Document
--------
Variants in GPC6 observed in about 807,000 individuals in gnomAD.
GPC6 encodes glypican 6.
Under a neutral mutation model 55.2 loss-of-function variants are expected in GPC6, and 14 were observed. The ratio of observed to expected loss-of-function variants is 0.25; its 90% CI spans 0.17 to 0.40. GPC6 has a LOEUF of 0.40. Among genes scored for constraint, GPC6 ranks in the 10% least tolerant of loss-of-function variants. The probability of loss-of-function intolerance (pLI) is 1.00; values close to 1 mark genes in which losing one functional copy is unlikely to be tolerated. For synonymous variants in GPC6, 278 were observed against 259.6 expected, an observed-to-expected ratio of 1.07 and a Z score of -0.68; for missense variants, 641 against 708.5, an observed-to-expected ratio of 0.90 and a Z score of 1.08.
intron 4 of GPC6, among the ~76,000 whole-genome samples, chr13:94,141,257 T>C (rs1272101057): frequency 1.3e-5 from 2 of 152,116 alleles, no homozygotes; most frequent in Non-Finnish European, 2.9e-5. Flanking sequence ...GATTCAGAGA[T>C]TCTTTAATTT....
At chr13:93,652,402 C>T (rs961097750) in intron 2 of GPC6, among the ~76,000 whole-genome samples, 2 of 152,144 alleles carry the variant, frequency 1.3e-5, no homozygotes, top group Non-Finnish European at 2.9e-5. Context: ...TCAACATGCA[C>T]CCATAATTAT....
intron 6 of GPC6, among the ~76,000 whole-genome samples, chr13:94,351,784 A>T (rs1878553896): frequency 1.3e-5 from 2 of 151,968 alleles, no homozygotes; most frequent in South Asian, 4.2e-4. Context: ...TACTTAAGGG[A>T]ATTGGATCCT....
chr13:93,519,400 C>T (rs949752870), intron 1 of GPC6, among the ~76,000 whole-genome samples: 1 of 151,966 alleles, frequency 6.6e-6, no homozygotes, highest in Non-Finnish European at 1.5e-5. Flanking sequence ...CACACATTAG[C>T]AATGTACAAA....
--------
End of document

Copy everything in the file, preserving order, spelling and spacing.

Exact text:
Variants in GPC6 observed in about 807,000 individuals in gnomAD.
GPC6 encodes glypican 6.
Under a neutral mutation model 55.2 loss-of-function variants are expected in GPC6, and 14 were observed. The ratio of observed to expected loss-of-function variants is 0.25; its 90% CI spans 0.17 to 0.40. GPC6 has a LOEUF of 0.40. Among genes scored for constraint, GPC6 ranks in the 10% least tolerant of loss-of-function variants. The probability of loss-of-function intolerance (pLI) is 1.00; values close to 1 mark genes in which losing one functional copy is unlikely to be tolerated. For synonymous variants in GPC6, 278 were observed against 259.6 expected, an observed-to-expected ratio of 1.07 and a Z score of -0.68; for missense variants, 641 against 708.5, an observed-to-expected ratio of 0.90 and a Z score of 1.08.
intron 4 of GPC6, among the ~76,000 whole-genome samples, chr13:94,141,257 T>C (rs1272101057): frequency 1.3e-5 from 2 of 152,116 alleles, no homozygotes; most frequent in Non-Finnish European, 2.9e-5. Flanking sequence ...GATTCAGAGA[T>C]TCTTTAATTT....
At chr13:93,652,402 C>T (rs961097750) in intron 2 of GPC6, among the ~76,000 whole-genome samples, 2 of 152,144 alleles carry the variant, frequency 1.3e-5, no homozygotes, top group Non-Finnish European at 2.9e-5. Context: ...TCAACATGCA[C>T]CCATAATTAT....
intron 6 of GPC6, among the ~76,000 whole-genome samples, chr13:94,351,784 A>T (rs1878553896): frequency 1.3e-5 from 2 of 151,968 alleles, no homozygotes; most frequent in South Asian, 4.2e-4. Context: ...TACTTAAGGG[A>T]ATTGGATCCT....
chr13:93,519,400 C>T (rs949752870), intron 1 of GPC6, among the ~76,000 whole-genome samples: 1 of 151,966 alleles, frequency 6.6e-6, no homozygotes, highest in Non-Finnish European at 1.5e-5. Flanking sequence ...CACACATTAG[C>T]AATGTACAAA....